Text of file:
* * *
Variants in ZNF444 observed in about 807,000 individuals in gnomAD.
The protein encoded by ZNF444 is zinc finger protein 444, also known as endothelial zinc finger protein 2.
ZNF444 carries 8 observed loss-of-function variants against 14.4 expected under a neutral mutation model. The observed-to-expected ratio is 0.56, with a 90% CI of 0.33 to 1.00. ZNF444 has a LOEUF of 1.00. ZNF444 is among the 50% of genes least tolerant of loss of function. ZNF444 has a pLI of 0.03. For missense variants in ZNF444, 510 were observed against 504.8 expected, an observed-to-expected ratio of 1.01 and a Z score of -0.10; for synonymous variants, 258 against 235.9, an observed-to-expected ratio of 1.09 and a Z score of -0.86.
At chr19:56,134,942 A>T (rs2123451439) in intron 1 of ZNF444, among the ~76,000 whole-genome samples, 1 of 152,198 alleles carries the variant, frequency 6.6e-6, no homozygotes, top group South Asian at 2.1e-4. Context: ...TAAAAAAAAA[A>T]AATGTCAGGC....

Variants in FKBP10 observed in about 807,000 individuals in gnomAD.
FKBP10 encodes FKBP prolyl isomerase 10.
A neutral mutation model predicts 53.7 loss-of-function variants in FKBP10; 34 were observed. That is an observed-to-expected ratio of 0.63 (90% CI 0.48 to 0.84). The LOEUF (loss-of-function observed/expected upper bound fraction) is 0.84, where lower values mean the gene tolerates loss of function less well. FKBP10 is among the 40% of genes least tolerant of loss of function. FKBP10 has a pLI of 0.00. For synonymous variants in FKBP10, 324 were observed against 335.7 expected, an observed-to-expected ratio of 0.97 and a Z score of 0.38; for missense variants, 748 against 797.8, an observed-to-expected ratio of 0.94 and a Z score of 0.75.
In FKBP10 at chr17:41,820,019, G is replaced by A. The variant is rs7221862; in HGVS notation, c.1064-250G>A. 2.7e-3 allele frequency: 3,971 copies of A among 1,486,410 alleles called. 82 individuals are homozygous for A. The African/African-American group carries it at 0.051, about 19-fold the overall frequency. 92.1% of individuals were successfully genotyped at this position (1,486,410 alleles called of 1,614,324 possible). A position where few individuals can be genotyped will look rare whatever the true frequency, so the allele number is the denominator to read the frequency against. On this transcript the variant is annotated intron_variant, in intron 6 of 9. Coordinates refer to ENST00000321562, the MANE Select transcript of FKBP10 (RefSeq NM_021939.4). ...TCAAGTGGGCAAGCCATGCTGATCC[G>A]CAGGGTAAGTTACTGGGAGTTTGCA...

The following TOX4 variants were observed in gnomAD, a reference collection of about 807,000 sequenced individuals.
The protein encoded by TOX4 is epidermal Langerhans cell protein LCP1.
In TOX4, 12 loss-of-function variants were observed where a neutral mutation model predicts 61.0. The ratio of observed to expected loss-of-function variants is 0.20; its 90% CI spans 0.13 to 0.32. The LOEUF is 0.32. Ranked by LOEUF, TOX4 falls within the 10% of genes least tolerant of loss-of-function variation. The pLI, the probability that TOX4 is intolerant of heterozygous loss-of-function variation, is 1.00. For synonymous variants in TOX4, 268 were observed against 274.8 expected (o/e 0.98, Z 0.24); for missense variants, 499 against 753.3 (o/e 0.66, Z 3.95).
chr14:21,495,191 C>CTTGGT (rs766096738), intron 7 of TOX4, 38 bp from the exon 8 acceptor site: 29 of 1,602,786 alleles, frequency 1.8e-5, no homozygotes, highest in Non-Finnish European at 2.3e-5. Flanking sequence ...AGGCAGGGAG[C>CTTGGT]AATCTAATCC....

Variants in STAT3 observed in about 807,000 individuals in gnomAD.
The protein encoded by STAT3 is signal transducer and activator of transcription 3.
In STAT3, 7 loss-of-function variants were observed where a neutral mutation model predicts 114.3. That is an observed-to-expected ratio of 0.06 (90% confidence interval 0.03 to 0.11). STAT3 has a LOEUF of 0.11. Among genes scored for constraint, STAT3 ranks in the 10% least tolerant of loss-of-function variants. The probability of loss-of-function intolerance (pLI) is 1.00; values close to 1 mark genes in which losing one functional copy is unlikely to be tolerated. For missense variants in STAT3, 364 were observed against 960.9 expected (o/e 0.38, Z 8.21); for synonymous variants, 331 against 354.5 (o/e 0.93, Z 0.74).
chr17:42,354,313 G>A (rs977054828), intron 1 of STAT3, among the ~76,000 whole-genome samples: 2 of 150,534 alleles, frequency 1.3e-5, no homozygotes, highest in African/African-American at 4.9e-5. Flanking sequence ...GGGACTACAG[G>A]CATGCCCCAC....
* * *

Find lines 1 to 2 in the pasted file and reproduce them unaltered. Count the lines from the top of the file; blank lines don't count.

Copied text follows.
Variants in ZNF444 observed in about 807,000 individuals in gnomAD.
The protein encoded by ZNF444 is zinc finger protein 444, also known as endothelial zinc finger protein 2.